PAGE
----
It’s a now a four-way race for the Pitt Meadows-Maple Ridge seat in the House of Commons.
Local business owner Dan Ruimy was named the Liberal candidate by acclamation last week.
He got into the world of politics after federal Liberals started meeting at his Bean Around Books and Tea shop.
“The people that I heard in the shop every day– every day I heard what they had to say, hear their frustrations.
“Having had this store for the last four years has been a real eye-opener for me as to what happens when you involve people in your community.
“I won’t work for Ottawa, I would work for the constituents of Maple Ridge.”
Running in this election will be Ruimy’s first foray in politics.
But he says his background is in the food business working for McDonalds, A&W and Quizno’s and training more than 300 franchise owners has been good preparation.
“I’m not concerned. I’m pretty good at dealing with people and issues and learning how to resolve them.”
Last election in 2011, the Liberals drew only 2,739 votes under candidate Mandeep Bhuller.
But Ruimy says his chances are as good as any, even though he’s running against the Conservatives and the NDP, who each took 28,803 and 18,835 votes respectively in the 2011 election.
He doesn’t want to make any policy announcements until he talks more with Liberal headquarters and is reluctant to criticize Conservative Randy Kamp who’s been MP for more than a decade before announcing his retirement this year.
“I think he’s one of the good guys out there. I’m not here to try to shoot down other people.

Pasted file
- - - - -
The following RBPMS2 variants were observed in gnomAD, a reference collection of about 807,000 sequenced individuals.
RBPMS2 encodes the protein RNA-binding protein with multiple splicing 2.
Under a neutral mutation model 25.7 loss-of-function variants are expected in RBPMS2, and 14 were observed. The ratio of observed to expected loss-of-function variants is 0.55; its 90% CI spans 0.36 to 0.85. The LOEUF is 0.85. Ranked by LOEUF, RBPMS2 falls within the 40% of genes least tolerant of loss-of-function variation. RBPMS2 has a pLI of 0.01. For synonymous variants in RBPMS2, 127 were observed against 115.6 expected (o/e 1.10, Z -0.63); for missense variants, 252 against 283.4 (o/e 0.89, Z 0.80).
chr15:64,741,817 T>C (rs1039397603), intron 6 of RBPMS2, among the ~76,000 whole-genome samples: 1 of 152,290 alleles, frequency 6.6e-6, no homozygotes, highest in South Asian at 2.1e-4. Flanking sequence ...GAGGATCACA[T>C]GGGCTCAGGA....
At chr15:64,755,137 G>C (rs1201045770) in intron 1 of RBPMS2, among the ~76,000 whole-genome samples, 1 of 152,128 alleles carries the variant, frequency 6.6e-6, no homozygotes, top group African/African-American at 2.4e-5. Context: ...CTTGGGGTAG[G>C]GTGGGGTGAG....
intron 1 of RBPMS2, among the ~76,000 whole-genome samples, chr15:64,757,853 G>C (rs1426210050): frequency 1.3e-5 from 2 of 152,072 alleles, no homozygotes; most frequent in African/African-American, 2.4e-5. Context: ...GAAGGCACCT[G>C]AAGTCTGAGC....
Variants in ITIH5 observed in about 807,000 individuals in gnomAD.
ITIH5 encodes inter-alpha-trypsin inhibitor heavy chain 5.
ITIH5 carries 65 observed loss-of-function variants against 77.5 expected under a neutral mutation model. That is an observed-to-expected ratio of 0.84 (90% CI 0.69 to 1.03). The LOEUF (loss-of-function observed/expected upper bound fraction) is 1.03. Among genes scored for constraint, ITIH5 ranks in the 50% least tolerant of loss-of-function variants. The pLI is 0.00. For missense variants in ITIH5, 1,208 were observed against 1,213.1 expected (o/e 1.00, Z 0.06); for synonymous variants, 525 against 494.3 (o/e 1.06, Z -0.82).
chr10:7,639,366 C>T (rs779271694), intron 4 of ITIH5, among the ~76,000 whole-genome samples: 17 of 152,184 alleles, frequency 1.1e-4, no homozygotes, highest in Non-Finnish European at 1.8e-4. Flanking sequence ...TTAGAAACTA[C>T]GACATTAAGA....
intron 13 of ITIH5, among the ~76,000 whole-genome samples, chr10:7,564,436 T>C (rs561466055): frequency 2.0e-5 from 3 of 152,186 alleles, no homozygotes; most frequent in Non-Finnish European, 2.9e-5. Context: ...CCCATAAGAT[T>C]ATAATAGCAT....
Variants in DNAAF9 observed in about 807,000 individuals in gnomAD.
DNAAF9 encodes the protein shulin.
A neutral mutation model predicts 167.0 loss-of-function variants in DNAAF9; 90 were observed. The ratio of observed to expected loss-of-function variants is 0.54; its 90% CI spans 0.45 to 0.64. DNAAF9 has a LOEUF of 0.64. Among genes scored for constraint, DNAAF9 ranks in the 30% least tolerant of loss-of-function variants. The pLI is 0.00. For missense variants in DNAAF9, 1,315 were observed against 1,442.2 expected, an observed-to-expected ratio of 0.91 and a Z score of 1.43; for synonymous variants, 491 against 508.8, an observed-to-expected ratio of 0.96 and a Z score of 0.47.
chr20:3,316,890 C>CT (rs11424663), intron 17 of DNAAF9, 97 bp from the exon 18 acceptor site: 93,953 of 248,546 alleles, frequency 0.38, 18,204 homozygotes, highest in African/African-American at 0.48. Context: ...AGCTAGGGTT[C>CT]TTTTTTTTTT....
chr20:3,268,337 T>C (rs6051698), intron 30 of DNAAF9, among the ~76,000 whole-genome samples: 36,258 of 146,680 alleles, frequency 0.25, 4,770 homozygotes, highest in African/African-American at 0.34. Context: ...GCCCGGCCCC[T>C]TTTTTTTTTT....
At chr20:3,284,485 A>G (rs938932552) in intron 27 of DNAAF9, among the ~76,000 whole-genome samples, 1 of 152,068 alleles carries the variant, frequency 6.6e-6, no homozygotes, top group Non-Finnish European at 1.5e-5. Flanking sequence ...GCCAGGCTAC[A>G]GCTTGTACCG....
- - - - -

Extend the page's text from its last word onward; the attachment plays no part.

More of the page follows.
“All I can do is talk about who I am, what I can bring to the table, what my beliefs are and how I work. That’s going to be my focus.”
Kamp has been in office for a long time so that’s got to say something, Ruimy added.
“I don’t have anything negative to say about him. That’s not the way I want to run my campaign.”
The Conservatives choose their candidate this Tuesday, either Mike Murray or Marc Dalton, while Bob D’Eith is already running for the NDP. Peter Tam announced last week he’s trying for a second time with the Green party.
Ruimy said he’s always voted Liberal and started thinking of running as he got more involved with the local group.
“More and more, when the decision came for me do this or not, those meetings played a big part.
“I believe in getting involved with the community. I feel really good when I’m able to help people. When we accept people, the community is much stronger for it.”
A campaign office hasn’t been found yet.